Every year, analysts like ESPN's Mel Kiper and Todd McShay spend countless hours examining the draft and all of the prospects, ranking them and deciding which team will select them. However, no matter how accurate some of their projections are, there are always those players that never like up to their hype and draft position.
Ryan Leaf, JaMarcus Russell and Akili Smith were some of the most famous examples of draft busts, but it's an unfortunate inevitability because not every player will succeed. They're as hard to predict as the late-round steal, but here we'll take a look at those that have the look of becoming the next Ryan Leaf.
Michael Floyd has all of the physical tools and athleticism to be a star in the NFL, but it takes more than a great physique to succeed in this league. Floyd caught an impressive 100 passes in 2011 for over 1,100 yards and nine touchdowns. At 6'3" and 229 pounds, Floyd is more than big enough and has the physicality to be a Pro Bowler.
However, Floyd has had durability problems throughout his collegiate career and there are some concerns about his character. He works hard and is active in the community, but he was arrested twice for alcohol issues at Notre Dame. Perhaps Floyd will mature and get his head in the game, but unless that happens, we could be looking at the next Charles Rogers.
The 16th best player in the draft according to ESPN's Scouts Inc., Ryan Tannehill only started one full season at Texas A&M. Throwing for over 3,700 yards and 29 touchdowns in 2011, Tannehill put his name on the map. He is great on the move and can extend the play with his athleticism.
The issue is that he only has one full season under his belt and often makes a bad decision when rushed. Tannehill often tries to do too much with the ball, and NFL defenses will make him pay for that. He has a long way to go to become a polished quarterback, but he'll have to do it quickly or the NFL will make short work of him.
Forced to play at North Alabama after being kicked off Florida's squad, Janoris Jenkins continued his successes for the Lions in 2011. He clearly did enough in Division II to catch the scouts' attention again in the smaller program.
Jenkins is a top-tier prospect, but his character is in severe question. He let his success at Florida get to his head when he was arrested three times and eventually kicked off the team. He needs to mature if he wants to excel at the next level, but he may have trouble when he gets paid the big bucks.
In his first year as a starter, Lamar Miller broke out in a big way for the Hurricanes, rushing for over 1,200 yards and nine touchdowns. Miller started the season by rushing for over 100 yards in five straight games but didn't finish at the same rate that he started.
Miller is perhaps hurting himself by entering the draft this season as he probably would have been better off staying to get some more playing time before turning pro. He has decent size and speed, but he only has 335 carries under his belt and may be a little too raw for the big time.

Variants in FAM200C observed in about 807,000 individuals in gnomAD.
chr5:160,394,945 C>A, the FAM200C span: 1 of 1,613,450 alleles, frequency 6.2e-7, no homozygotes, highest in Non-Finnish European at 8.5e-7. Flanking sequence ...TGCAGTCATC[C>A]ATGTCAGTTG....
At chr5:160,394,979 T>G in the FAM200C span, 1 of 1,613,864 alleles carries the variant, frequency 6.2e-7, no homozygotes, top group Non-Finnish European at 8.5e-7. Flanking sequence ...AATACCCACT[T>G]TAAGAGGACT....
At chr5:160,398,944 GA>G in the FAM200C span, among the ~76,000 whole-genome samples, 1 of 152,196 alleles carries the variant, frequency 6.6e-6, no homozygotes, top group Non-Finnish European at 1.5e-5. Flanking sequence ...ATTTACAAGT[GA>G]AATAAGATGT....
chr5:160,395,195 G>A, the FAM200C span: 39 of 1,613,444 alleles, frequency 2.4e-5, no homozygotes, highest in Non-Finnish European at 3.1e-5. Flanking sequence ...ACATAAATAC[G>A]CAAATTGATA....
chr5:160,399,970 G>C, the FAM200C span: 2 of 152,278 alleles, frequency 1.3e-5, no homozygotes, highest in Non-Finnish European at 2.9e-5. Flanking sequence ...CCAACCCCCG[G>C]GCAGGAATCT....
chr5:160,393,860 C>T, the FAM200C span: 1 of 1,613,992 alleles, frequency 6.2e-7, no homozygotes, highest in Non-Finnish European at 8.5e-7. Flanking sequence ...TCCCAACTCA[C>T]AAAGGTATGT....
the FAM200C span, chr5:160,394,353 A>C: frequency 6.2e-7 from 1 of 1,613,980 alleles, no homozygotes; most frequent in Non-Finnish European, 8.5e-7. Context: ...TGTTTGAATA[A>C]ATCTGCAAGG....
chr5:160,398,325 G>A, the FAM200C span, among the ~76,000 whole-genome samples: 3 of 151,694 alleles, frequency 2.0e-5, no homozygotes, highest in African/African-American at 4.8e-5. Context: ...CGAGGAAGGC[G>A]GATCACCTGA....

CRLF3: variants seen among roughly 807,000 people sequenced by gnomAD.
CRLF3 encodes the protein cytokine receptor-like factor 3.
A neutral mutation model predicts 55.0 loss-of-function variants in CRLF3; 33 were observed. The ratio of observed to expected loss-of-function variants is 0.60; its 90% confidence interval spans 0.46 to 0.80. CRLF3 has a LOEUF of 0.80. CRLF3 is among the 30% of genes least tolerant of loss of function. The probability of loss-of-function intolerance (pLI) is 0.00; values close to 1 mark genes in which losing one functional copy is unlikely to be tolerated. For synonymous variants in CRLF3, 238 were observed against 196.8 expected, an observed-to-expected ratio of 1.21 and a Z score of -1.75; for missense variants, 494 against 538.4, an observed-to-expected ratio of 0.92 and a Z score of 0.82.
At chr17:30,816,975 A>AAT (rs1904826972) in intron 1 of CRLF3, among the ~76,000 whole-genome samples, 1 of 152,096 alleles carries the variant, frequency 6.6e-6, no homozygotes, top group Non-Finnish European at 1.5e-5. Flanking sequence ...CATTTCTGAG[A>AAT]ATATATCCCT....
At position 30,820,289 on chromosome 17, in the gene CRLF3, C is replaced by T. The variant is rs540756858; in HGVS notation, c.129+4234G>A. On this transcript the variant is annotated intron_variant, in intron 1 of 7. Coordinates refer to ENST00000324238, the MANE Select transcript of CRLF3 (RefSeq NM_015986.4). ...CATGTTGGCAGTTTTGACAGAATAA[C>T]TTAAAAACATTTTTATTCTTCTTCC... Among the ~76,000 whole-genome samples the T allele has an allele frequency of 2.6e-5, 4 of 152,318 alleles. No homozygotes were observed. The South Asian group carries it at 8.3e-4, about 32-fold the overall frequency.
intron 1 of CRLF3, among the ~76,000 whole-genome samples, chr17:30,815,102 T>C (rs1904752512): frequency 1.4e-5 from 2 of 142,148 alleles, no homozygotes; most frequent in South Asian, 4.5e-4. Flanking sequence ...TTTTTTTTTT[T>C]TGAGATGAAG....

On paper, UNC's Quinton Coples looks like a future Hall-of-Famer. He has great speed to go along with his 6'6", 281-pound frame and can bust through the line from inside as well as out. He earned All-ACC honors as a senior and is considered to be the third best player in the draft by ESPN's Scouts Inc.
Coples just doesn't seem to be the dominant player that he was in the past. His highest sack total was 10 as a senior and he still has a ways to go against the run. He may be the best prospect at his position this year, but for where he'll be drafted, he may very well disappoint.
Vontaze Burfict has great size and top-end speed to go with it. He's a sure tackler and hits like a mack truck, instilling fear in the ball-carrier. Burfict started for all three years at Arizona State and should be a first-rounder.
The problem with Burfict is that he often lets his emotions get the best of him. He often gets flagged for late hits and would be the subject of fines for over-the-top hits in the NFL. He has been known to freelance a little too much and will have to really work on keeping his emotions in check and keeping his head in the game to avoid being a bust.
A threat in the passing game with good hands, Coby Fleener found the end zone 10 times this year. He only managed 34 catches this season, but he made them count. Of course, it didn't hurt that he had Andrew Luck throwing to him for the past few years.
Fleener's 34 catches this season were the most in his career, but he hasn't kept up the consistency. The biggest problem he'll face in the NFL is blocking. Fleener struggled in college with blocking, and in the NFL, the defenders are bigger and faster. He will be a liability on the line, and if he doesn't improve in a hurry, he won't be on the field in the NFL to catch the ball.
Robert Griffin III, or RG3 as he is often known, had one of the best seasons by a college player in recent memory. His efforts this past season included nearly 4,300 yards through the air and 37 touchdowns, for which he was awarded with the Heisman Trophy.
Griffin was unknown before this season though and could have been a one-hit wonder. He has durability concerns too and could be injury prone with a surgically-repaired knee. For all the hype around RG3 heading into the draft, there's a much greater chance that he'll be a bust than a star.